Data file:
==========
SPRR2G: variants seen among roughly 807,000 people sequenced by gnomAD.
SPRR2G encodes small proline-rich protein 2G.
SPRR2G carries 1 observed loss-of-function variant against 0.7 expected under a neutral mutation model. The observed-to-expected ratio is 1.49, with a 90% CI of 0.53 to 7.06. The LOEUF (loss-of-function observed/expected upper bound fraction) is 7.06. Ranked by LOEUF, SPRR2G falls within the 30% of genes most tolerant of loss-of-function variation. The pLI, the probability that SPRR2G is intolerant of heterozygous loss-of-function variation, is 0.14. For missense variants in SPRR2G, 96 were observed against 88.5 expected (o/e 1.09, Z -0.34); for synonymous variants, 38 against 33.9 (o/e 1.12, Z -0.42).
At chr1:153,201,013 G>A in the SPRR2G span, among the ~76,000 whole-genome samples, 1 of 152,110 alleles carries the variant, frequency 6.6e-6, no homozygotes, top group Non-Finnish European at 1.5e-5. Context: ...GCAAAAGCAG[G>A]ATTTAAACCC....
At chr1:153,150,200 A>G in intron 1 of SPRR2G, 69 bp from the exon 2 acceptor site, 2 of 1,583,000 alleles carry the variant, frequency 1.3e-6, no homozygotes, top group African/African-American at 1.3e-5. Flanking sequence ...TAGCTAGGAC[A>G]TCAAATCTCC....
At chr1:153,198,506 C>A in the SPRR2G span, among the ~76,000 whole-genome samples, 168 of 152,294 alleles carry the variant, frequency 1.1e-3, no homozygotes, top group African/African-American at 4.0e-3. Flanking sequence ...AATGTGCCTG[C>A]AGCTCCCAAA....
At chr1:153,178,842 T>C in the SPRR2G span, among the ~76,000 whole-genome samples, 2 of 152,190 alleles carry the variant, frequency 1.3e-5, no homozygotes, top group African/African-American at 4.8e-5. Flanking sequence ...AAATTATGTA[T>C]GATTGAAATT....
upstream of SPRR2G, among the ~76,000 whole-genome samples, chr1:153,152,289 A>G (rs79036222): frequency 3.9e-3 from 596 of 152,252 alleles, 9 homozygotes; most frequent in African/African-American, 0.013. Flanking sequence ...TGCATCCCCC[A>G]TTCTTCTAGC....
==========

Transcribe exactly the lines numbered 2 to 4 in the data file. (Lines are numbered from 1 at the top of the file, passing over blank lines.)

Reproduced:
SPRR2G encodes small proline-rich protein 2G.
SPRR2G carries 1 observed loss-of-function variant against 0.7 expected under a neutral mutation model. The observed-to-expected ratio is 1.49, with a 90% CI of 0.53 to 7.06. The LOEUF (loss-of-function observed/expected upper bound fraction) is 7.06. Ranked by LOEUF, SPRR2G falls within the 30% of genes most tolerant of loss-of-function variation. The pLI, the probability that SPRR2G is intolerant of heterozygous loss-of-function variation, is 0.14. For missense variants in SPRR2G, 96 were observed against 88.5 expected (o/e 1.09, Z -0.34); for synonymous variants, 38 against 33.9 (o/e 1.12, Z -0.42).
At chr1:153,201,013 G>A in the SPRR2G span, among the ~76,000 whole-genome samples, 1 of 152,110 alleles carries the variant, frequency 6.6e-6, no homozygotes, top group Non-Finnish European at 1.5e-5. Context: ...GCAAAAGCAG[G>A]ATTTAAACCC....